Saturday 29 April 2000
Province ordered to pay $6.3 million to Baby Molly's familyPetti Fong and Jim Beatty Vancouver Sun The Vancouver Sun
A B.C. Supreme Court judge ordered the provincial government Friday to pay damages of $6.3 million to the family of Baby Molly, who was shaken into a permanent vegetative state while in foster care.
KIM KIERKEGAARD: Foster mother blamed government.
In a 65-page decision, Justice Frederick Melvin awarded the money -- one of the highest such awards in Canadian history -- for the negligence of the ministry of children and families.
The government was also found vicariously liable for the actions of foster mother Kim Kierkegaard, who admitted shaking baby Molly Delarone after the infant was put in her care.
Kierkegaard, a registered nurse, received a conditional sentence of two years less a day for aggravated assault, plus 100 hours of community service.
Molly, born to a drug-addicted mother, was taken into custody by the ministry almost immediately after her birth in February 1997. Today, Molly is three years old and has multiple ailments as a result of the severe shaking she received.
Her brain is badly damaged, she is blind, has spastic cerebral palsy, has 20 small seizures a day and must be fed by a tube into her stomach.
She will never be able to speak or walk and will always wear diapers. Her environment has to be closely controlled or she will suffer from larger seizures.
Ministry officials said Friday staff have not had time to fully assess the ruling.
"We respect the tragic loss by Molly and her family and the tremendous burden this case places on her caregivers," said Les Foster, the assistant deputy minister of management services for the ministry.
Melvin found that Molly will have a life expectancy of about 30 years, but regardless of how long she lives, the government must pay for her upkeep until she dies.
The $6.3 million, calculated as if Molly will live until the age of 30, will be paid out in yearly installments. It could rise if she lives longer.
On April 15 of every year, Molly will receive a cheque for approximately $300,000, said James Legh, the lawyer representing the child and her guardians, Cindy and Hans Engbrecht, Molly's aunt and uncle.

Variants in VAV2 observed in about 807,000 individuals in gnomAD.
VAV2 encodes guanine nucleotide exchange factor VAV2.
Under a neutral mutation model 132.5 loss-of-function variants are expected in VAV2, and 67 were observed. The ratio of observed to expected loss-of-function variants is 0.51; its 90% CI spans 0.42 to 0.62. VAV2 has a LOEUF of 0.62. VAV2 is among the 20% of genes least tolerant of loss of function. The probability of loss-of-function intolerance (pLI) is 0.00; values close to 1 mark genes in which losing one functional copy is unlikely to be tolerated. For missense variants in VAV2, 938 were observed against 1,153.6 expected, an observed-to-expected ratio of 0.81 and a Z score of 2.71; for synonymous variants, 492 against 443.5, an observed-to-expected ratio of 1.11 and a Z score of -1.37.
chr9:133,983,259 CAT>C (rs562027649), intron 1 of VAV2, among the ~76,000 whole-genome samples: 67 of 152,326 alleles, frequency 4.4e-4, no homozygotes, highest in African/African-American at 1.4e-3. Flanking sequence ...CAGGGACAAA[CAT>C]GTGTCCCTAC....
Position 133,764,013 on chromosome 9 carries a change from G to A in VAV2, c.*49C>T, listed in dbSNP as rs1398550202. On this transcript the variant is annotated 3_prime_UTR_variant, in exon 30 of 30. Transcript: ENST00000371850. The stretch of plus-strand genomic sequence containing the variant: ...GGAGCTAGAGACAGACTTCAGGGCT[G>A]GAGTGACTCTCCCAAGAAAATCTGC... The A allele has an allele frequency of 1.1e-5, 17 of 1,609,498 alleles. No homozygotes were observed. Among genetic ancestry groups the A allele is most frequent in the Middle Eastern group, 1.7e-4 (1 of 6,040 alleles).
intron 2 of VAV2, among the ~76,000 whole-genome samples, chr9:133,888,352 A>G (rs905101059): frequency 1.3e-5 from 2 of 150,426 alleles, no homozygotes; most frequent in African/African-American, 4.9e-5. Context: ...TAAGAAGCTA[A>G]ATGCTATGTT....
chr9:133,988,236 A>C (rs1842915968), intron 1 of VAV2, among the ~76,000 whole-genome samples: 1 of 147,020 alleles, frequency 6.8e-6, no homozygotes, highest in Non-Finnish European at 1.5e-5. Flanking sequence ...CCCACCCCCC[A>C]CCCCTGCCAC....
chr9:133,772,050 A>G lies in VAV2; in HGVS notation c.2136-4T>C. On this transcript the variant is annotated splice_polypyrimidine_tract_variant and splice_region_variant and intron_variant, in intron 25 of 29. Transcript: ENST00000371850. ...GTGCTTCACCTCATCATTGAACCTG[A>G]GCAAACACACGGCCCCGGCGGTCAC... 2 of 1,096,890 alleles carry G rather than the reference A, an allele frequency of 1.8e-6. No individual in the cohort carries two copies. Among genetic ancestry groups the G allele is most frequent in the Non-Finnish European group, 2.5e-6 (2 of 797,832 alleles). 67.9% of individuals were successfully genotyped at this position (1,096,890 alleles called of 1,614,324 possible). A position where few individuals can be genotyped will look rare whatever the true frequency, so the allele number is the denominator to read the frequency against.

Legh said Friday the award is one of the highest in B.C. and Canada.
"The government was clearly negligent in what they did just because they placed her with Ms. Kierkegaard," said Legh. "In this context, the court has said you [the government] are responsible and they have to pay for what happened to Molly."
At her sentencing in 1998, the court heard that Kierkegaard had barely slept and had no training in dealing with such a troubled infant.
In court documents, Kierkegaard maintained the government was at fault as it placed Molly with her because there was no adequate placement available.
The ministry should not have allowed Molly to be released from hospital until an adequate placement was available, she said.
The government ought to have known Kierkegaard would not be able to adequately care for Baby Molly because Kierkegaard was already the sole caregiver for her seven-year-old son and a 13-month-old special-needs foster child, she said. A provincial official admitted the financial award is one of the largest of its kind in Canadian history because the damages will cover Molly's medical care until she dies.
The government had argued that it was not responsible for everything a foster parent does to a child, but the court disagrees, said Legh.
By failing to carry out their duty to make proper inquiries, the government did not act in "good faith," said Legh, and is not entitled to protection from liability.
In 1997, the ministry removed itself entirely from Molly's life, said Legh, and the Engbrechts now have complete custody. Care costs for Molly is currently about $240,000 a year.
Cindy Engbrecht, Molly's aunt who now cares for the badly injured girl, said the judgment will provide decent in-home medical care for the child's remaining years.
"Molly is now allowed to have a life," Engbrecht said Friday upon hearing news of the judgment. "This should have been offered right when this happened."
Engbrecht was highly critical of the provincial government, which she said has opposed the best interests of Molly.
Calling the government's actions insensitive and disgusting, Engbrecht said the family could have reached a long-term care agreement had the province not forced the issue into the courts.
While Molly's medical condition is grim, Engbrecht tries to be positive.
"She's beautiful. She is a wonderful little kid," said Engbrecht. "She gets so much enjoyment out of kindness, love and affection."
In the last few months, Engbrecht said, Molly has learned how to smile and recognize the smell of roses.